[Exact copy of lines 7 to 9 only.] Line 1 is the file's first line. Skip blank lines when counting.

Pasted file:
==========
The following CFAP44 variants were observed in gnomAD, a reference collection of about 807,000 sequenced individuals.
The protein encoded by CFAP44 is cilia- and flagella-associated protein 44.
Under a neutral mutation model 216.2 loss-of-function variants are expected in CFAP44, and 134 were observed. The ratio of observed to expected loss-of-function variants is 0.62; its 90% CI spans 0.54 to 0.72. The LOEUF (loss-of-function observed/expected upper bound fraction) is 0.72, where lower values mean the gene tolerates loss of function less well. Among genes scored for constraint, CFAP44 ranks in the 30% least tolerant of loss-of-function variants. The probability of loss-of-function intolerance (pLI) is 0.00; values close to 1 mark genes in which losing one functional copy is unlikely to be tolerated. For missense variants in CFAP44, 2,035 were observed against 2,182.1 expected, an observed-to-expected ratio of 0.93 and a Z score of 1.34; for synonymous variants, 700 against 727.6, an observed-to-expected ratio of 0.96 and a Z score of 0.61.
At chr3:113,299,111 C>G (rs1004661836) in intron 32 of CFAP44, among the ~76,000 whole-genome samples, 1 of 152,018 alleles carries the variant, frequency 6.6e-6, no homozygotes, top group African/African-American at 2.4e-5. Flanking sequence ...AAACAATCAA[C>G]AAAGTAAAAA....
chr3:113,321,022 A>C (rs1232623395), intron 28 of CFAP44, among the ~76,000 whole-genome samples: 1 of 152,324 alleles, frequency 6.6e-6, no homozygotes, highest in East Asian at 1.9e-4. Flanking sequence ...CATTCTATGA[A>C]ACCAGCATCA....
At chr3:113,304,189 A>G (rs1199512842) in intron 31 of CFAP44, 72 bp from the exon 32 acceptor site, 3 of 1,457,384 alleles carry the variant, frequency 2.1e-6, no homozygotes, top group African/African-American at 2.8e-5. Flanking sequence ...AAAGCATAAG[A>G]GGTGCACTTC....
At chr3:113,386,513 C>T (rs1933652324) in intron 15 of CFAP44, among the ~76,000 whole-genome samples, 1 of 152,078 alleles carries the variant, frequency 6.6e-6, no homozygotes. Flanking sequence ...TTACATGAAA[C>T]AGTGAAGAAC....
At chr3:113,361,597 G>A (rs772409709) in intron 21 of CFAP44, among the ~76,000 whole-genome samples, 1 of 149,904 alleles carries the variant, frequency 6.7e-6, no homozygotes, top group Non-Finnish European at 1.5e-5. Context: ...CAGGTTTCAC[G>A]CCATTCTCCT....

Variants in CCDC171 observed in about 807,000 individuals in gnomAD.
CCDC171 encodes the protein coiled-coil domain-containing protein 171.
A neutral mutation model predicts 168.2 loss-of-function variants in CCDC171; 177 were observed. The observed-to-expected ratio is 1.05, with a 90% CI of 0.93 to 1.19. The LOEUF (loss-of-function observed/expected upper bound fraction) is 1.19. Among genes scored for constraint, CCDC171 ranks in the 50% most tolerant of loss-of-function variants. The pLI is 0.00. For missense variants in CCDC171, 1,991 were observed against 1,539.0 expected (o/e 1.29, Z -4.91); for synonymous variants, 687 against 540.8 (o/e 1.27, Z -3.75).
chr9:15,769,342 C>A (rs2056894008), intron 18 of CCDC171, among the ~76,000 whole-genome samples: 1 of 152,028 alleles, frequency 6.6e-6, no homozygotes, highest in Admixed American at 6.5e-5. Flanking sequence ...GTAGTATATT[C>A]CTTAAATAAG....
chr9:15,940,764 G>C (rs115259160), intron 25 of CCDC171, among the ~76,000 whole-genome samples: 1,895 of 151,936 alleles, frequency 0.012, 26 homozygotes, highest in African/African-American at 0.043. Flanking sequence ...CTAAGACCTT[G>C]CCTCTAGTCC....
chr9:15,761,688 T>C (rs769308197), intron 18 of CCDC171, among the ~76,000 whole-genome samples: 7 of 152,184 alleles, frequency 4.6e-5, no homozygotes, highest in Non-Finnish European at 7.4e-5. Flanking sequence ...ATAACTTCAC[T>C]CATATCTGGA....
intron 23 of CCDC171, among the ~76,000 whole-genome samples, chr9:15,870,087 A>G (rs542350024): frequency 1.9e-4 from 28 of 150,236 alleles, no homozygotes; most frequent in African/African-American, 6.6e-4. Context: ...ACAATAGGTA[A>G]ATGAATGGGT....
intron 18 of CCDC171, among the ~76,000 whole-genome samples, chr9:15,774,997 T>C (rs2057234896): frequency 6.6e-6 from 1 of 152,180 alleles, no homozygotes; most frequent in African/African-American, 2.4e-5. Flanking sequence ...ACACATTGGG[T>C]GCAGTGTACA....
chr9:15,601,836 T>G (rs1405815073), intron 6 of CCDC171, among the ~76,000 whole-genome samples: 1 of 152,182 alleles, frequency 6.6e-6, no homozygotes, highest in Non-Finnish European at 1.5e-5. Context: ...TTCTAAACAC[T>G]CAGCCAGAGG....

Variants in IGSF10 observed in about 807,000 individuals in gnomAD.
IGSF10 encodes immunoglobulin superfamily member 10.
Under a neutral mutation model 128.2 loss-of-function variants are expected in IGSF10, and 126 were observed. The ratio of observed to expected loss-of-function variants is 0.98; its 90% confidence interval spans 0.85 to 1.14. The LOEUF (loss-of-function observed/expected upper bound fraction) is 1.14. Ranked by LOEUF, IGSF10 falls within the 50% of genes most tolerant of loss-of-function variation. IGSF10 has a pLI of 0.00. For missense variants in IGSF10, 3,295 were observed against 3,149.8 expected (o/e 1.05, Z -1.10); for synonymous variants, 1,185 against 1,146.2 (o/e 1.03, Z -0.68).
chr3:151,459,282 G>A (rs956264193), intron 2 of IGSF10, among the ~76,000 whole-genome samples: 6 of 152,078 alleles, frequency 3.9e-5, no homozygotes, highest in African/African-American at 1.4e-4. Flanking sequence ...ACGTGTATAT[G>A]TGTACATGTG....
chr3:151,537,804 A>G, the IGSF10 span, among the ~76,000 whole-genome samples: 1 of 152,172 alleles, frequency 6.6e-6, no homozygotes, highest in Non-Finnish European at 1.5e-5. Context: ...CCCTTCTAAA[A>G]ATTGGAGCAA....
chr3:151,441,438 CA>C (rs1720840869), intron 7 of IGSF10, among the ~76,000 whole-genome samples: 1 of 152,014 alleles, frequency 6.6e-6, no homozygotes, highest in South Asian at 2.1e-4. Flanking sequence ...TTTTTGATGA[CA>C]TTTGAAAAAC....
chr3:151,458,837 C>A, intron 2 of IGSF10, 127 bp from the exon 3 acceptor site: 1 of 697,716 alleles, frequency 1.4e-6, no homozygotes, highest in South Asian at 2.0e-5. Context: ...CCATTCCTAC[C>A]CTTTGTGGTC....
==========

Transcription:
At chr3:113,386,513 C>T (rs1933652324) in intron 15 of CFAP44, among the ~76,000 whole-genome samples, 1 of 152,078 alleles carries the variant, frequency 6.6e-6, no homozygotes. Flanking sequence ...TTACATGAAA[C>T]AGTGAAGAAC....
At chr3:113,361,597 G>A (rs772409709) in intron 21 of CFAP44, among the ~76,000 whole-genome samples, 1 of 149,904 alleles carries the variant, frequency 6.7e-6, no homozygotes, top group Non-Finnish European at 1.5e-5. Context: ...CAGGTTTCAC[G>A]CCATTCTCCT....

Variants in CCDC171 observed in about 807,000 individuals in gnomAD.